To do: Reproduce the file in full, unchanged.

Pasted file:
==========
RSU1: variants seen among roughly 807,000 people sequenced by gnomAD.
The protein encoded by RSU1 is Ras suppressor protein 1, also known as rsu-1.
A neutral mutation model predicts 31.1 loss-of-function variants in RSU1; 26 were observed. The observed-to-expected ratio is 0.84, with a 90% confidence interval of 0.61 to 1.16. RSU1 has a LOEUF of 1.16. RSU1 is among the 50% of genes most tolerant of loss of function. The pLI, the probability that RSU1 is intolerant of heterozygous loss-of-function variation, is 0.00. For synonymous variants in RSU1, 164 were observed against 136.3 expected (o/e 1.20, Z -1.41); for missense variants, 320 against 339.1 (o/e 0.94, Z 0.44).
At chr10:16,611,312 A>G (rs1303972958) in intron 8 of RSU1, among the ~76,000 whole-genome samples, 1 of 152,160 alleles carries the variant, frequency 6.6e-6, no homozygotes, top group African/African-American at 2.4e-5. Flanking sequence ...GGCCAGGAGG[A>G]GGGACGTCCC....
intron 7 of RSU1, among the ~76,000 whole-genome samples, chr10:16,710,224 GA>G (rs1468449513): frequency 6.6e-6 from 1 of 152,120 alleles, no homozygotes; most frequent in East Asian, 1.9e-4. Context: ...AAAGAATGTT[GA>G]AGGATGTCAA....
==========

RSU1: variants seen among roughly 807,000 people sequenced by gnomAD.
The protein encoded by RSU1 is Ras suppressor protein 1, also known as rsu-1.
A neutral mutation model predicts 31.1 loss-of-function variants in RSU1; 26 were observed. The observed-to-expected ratio is 0.84, with a 90% confidence interval of 0.61 to 1.16. RSU1 has a LOEUF of 1.16. RSU1 is among the 50% of genes most tolerant of loss of function. The pLI, the probability that RSU1 is intolerant of heterozygous loss-of-function variation, is 0.00. For synonymous variants in RSU1, 164 were observed against 136.3 expected (o/e 1.20, Z -1.41); for missense variants, 320 against 339.1 (o/e 0.94, Z 0.44).
At chr10:16,611,312 A>G (rs1303972958) in intron 8 of RSU1, among the ~76,000 whole-genome samples, 1 of 152,160 alleles carries the variant, frequency 6.6e-6, no homozygotes, top group African/African-American at 2.4e-5. Flanking sequence ...GGCCAGGAGG[A>G]GGGACGTCCC....
intron 7 of RSU1, among the ~76,000 whole-genome samples, chr10:16,710,224 GA>G (rs1468449513): frequency 6.6e-6 from 1 of 152,120 alleles, no homozygotes; most frequent in East Asian, 1.9e-4. Context: ...AAAGAATGTT[GA>G]AGGATGTCAA....